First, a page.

Is there a way to find out which imports are taking the longest in Python? Looking at the output of python -m cProfile <script>, it doesn't seem to include import statements (understandably given potentially huge dependency trees). Initially I thought it did since I saw a row for __import__() calls, but I think this might actually be because code somewhere is explicitly calling it, toy programs with only import statements don't have a row for it.

Right now I'm just using:

start = time.time()
import <module>
print '%s / time: %f' % (<module>, time.time()-start)

around each module, but it doesn't profile it recursively to see which import within an import might be inflating the time.

  • 1
    Why would you need to profile the imports? They only happen once, and either you need them or you don't.
    – jonrsharpe
    Commented Jan 12, 2016 at 23:30
  • 2
    If you're looking for bottlenecks in the import system, you're looking at the wrong place. Commented Jan 12, 2016 at 23:34
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    To add to the other comments, if you're seeing imports that take time, it's because you have code in those files that isn't inside of a class/function definition and not guarded by if name == '__main__' Unless there's some strict need for it, you could put this code in something like init() and profile that. Not guarding this code will also result in the code being run every time that file is imported. Commented Jan 12, 2016 at 23:38
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    @danielu13 That was the intention of my question, to find out which imports had a lot of initialization going on (one is taking 22 seconds). While not at all significant to the total runtime, I am curious where that time is coming from. Commented Jan 14, 2016 at 17:59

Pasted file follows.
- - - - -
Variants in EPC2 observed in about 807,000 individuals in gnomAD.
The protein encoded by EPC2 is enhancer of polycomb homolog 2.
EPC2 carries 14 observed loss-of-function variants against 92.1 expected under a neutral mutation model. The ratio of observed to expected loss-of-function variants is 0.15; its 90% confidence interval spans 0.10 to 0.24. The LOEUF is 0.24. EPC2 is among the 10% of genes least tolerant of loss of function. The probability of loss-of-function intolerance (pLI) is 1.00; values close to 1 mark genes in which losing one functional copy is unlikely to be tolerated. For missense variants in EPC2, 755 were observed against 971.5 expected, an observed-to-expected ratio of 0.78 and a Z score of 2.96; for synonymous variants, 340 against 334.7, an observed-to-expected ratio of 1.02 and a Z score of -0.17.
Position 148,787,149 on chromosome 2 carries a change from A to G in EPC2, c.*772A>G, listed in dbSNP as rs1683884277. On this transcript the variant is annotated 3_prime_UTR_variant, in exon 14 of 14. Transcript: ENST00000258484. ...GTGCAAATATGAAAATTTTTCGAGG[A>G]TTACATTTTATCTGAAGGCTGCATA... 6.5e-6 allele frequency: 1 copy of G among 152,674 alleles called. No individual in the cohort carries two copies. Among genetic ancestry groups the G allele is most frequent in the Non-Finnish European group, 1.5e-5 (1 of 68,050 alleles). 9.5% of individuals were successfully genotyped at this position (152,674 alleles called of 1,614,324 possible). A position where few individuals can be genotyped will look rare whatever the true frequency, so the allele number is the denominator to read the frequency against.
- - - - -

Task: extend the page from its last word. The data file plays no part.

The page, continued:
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    It's a large codebase with a large dependency tree so just finding the initialization code to refactor would be difficult. You don't have to worry about repeated imports, Python only initializes an import once (stackoverflow.com/a/296062/873472). Commented Jan 14, 2016 at 19:15

3 Answers 3


This is a totally legitimate question. For instance, it makes sense to try to accelerate cold start for CLI applications. Python 3.7 now offers an option to print the import time:

You can either run:

python -X importtime myscript.py



EDIT: to view those results I recommend tuna.

  • 3
    What units are those numbers in? It's not mentioned in the docs.
    – exhuma
    Commented Oct 5, 2020 at 6:24
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    In python 3.10, at least, the column header shows [us], i.e. microseconds. Commented Oct 3, 2022 at 14:57
  • Probably should be part of the answer too: to output in file, python -X importtime main.py 2> import_perf.log
    – halt9k
    Commented Feb 20 at 15:01

As stated in danielu13's comment, what you really want to profile is the code executed inside a module upon import of this module.

It seems that cProfile includes this code executed upon imports in its output. It shows up as <module> for module level code. Many packages are imported as __init__.py files, so gprof2dot shows __init__:23:<module> (Line numbers may differ), which does not tell you which package the file comes from.

Using cprofilev, you can find out what files (and thus packages) take most time.

One sidenote: Profiling imports actually can make sense in some cases. On my system, importing the module networkx (https://networkx.github.io/) takes 1.7 seconds.


A very simplistic and not hierarchical solution for Python 2.7 that prints module name and import time since last module:

LAST_TIME = time.time()

class ImportHook(object):
    def find_module(self, fullname, path=None):
        global LAST_TIME
        cur_time = time.time()
        delta = cur_time - LAST_TIME
        long_time = '!!!!!!!!!!!!!!\n' * 10 if delta > 0.05 else ''
        print '%0.3f %s \n %s' % (delta, long_time, fullname),
        LAST_TIME = cur_time

import sys
sys.meta_path.insert(0, ImportHook())
  • I would love to understand why that timer works. Is that the actual import time, or just the elapsed time since the last time the meta_path was searched for a module? Commented Jun 2, 2021 at 5:07
  • @RyandeKleer , just the delta from last search.
    – Yariv
    Commented Jun 3, 2021 at 9:07

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